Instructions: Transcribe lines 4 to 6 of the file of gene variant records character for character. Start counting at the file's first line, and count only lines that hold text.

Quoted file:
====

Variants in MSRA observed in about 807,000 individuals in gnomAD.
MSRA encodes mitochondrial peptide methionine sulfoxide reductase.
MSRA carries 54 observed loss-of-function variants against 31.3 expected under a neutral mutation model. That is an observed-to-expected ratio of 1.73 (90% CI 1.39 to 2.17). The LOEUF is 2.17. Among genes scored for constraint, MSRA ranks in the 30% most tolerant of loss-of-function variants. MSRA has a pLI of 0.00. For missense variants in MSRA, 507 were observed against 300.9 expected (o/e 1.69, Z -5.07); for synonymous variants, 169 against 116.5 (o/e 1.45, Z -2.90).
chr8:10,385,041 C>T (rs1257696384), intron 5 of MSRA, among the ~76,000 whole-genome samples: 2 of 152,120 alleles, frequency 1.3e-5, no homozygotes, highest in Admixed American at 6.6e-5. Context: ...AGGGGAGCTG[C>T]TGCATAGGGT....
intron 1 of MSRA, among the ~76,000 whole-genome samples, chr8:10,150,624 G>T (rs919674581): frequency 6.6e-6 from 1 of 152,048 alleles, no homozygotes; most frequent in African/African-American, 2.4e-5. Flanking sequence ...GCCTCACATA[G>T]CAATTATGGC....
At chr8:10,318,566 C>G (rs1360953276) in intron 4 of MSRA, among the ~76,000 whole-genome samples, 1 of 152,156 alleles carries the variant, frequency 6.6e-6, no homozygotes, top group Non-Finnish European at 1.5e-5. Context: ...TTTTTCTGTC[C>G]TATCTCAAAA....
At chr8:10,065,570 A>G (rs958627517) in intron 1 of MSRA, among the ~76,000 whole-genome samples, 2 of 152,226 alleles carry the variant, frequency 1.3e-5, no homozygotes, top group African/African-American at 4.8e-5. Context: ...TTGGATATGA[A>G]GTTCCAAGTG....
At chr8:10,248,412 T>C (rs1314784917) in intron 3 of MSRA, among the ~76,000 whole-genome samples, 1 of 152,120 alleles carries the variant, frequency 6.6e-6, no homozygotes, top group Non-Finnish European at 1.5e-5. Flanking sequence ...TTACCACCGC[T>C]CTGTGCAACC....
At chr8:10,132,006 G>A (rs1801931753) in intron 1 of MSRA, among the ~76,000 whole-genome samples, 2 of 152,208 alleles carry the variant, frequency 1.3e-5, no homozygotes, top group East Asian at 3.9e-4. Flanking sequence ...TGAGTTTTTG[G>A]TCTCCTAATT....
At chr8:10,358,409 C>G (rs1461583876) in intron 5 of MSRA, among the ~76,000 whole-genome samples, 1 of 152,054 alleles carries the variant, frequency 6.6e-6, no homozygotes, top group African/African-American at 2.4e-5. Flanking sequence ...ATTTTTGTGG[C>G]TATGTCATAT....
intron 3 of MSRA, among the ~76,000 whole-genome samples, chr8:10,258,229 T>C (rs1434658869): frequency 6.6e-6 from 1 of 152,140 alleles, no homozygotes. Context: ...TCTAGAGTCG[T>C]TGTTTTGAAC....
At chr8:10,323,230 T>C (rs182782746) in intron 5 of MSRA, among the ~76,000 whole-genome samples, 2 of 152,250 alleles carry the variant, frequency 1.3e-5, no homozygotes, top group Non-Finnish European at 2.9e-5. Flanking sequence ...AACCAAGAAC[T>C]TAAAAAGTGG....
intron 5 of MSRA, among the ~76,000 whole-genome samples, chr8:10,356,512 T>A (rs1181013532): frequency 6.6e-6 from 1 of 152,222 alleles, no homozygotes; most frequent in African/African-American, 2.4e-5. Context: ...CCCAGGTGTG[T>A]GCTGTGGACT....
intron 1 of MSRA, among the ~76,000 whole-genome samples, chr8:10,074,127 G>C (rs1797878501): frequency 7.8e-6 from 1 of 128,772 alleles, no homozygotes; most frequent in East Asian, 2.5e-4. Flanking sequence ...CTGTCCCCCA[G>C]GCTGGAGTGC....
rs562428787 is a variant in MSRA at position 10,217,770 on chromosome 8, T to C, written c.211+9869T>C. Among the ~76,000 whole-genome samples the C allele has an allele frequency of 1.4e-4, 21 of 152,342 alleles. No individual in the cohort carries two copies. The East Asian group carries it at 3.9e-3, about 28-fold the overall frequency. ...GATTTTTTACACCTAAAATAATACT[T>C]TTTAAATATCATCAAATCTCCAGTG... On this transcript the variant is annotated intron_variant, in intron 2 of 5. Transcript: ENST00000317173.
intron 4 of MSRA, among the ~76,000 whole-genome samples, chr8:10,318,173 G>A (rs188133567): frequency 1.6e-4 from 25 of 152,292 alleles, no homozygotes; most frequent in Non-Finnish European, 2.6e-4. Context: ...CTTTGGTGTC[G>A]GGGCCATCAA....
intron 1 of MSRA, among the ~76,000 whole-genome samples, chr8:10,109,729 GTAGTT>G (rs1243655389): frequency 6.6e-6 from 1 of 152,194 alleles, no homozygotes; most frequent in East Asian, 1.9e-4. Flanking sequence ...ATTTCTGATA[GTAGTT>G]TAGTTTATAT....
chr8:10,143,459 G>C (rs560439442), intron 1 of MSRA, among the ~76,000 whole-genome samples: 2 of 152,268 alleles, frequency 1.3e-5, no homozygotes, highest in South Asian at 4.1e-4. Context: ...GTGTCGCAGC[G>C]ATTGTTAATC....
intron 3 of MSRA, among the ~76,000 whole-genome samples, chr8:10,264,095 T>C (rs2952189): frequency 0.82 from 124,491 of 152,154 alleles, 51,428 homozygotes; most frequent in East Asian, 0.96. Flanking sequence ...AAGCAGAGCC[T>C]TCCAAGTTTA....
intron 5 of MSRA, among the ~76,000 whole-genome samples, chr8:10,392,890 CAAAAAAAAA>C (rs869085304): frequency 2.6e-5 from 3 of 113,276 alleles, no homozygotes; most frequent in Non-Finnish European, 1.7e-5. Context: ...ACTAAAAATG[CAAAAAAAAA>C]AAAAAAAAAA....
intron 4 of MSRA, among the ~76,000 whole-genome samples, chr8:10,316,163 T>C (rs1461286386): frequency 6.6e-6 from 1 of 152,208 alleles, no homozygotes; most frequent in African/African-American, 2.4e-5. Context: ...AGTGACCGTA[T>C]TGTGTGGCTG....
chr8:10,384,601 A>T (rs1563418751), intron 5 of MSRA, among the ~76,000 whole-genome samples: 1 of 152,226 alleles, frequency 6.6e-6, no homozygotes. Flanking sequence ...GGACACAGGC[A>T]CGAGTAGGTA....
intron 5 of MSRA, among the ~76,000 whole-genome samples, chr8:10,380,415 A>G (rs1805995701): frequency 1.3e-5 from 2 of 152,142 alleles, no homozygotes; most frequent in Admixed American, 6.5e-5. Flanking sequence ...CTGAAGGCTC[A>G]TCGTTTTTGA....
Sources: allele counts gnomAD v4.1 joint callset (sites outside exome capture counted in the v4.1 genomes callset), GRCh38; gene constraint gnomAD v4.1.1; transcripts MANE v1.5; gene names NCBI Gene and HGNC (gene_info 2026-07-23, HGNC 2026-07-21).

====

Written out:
chr8:10,385,041 C>T (rs1257696384), intron 5 of MSRA, among the ~76,000 whole-genome samples: 2 of 152,120 alleles, frequency 1.3e-5, no homozygotes, highest in Admixed American at 6.6e-5. Context: ...AGGGGAGCTG[C>T]TGCATAGGGT....
intron 1 of MSRA, among the ~76,000 whole-genome samples, chr8:10,150,624 G>T (rs919674581): frequency 6.6e-6 from 1 of 152,048 alleles, no homozygotes; most frequent in African/African-American, 2.4e-5. Flanking sequence ...GCCTCACATA[G>T]CAATTATGGC....
At chr8:10,318,566 C>G (rs1360953276) in intron 4 of MSRA, among the ~76,000 whole-genome samples, 1 of 152,156 alleles carries the variant, frequency 6.6e-6, no homozygotes, top group Non-Finnish European at 1.5e-5. Context: ...TTTTTCTGTC[C>G]TATCTCAAAA....